Writing a Great Book Proposal

This article by Rachel Toor provides a novel way to approach the book proposal: the author’s first step should be to complete the “author’s questionnaire” first.  The author’s questionnaire is a standard marketing tool used by publishers right before a book goes to press.  It’s used to help market a book and it provides some helpful guidelines for any author who is actually pitching a book.  Toor explains why this is important:

In publishing offices, once most of the easy-to-reject and crazy proposals are shooed away, you’re left with a bunch of attractive, viable-seeming candidates. There’s nothing wrong with most of them, at least on a quick first read. They fit the categories in which your company publishes, and often come with recommendations from people you trust. They trail long CVs crammed with all the right stuff.

In other words, there are a lot of potentially good choices. Surfeit creates opportunities for pickiness, and taste plays a big part in selection. Often on reality shows, even when there’s nothing wrong with a person—not one annoying tic, no weird clothing choices, no arrogant and snarky remarks directed at other contestants—he is sent packing because all but one hopeful is going home. Just so. Not every strong manuscript submission is going to result in an offer of publication. There are a whole lot of other sexy, slinky fishes in that sea.

What she doesn’t include in her essay is a copy of or link to any of these helpful marketing questionnaires.  So, I’ve included questions that I’ve found on-line from a number of different sources.  These are the questions that the forms all seem to have in common.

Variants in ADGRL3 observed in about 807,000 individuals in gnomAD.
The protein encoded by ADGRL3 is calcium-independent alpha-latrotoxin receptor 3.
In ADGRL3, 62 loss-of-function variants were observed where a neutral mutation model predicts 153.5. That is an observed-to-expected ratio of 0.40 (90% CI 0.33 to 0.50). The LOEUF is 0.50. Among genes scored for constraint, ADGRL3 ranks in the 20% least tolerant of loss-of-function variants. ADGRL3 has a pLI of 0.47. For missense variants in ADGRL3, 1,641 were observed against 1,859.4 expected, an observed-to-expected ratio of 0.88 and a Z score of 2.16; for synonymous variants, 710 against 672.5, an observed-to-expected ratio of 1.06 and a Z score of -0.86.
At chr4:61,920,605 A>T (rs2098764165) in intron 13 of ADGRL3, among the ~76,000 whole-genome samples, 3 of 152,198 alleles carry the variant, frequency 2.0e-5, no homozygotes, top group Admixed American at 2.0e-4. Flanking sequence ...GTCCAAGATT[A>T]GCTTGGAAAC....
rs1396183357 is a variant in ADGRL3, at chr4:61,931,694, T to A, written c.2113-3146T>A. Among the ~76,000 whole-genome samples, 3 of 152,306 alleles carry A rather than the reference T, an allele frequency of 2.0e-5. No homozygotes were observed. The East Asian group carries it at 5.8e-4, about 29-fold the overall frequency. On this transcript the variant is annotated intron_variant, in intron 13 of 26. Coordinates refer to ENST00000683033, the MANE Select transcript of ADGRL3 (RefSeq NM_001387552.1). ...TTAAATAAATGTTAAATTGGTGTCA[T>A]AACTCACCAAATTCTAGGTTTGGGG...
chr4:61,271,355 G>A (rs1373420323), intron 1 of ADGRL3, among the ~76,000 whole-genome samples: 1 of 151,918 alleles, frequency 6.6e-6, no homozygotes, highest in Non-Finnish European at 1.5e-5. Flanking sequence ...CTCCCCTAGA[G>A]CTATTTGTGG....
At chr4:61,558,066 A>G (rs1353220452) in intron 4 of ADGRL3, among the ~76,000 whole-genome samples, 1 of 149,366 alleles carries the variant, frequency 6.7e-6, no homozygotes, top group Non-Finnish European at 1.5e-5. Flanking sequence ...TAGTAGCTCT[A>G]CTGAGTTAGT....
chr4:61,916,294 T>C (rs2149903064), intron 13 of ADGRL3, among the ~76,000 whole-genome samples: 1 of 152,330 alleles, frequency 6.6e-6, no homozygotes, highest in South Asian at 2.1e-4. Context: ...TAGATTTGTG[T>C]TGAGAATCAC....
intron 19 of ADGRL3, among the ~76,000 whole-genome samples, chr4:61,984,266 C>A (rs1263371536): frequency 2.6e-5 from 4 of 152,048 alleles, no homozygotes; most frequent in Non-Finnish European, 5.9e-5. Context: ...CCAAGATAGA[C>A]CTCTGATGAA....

Happy proposal writing!

Author’s Marketing Questionnaire:

  1. Please write a short (100-word) narrative autobiography that we can provide to the media.  This should not be a straight CV, but rather a description of how your personal and professional background relate to the writing of  this book.
  2. Who is the target audience for your book?
  3. Has any part of your book been published previously?  If so, which sections and where and when?
  4. Please list up to 20 publications (print and on-line outlets that review books), ordered by your priority, that would be appropriate for your book.
  5. Please provide the names of companies (other than bookstores), associations, or societies that would find your book particularly relevant.
  6. Please list the scholarly meeting at which we should consider exhibiting your book (highlight the meetings that you attend).
  7. What are the names of typical courses in a college curriculum for which your book could be used as a text or supplementary reading.

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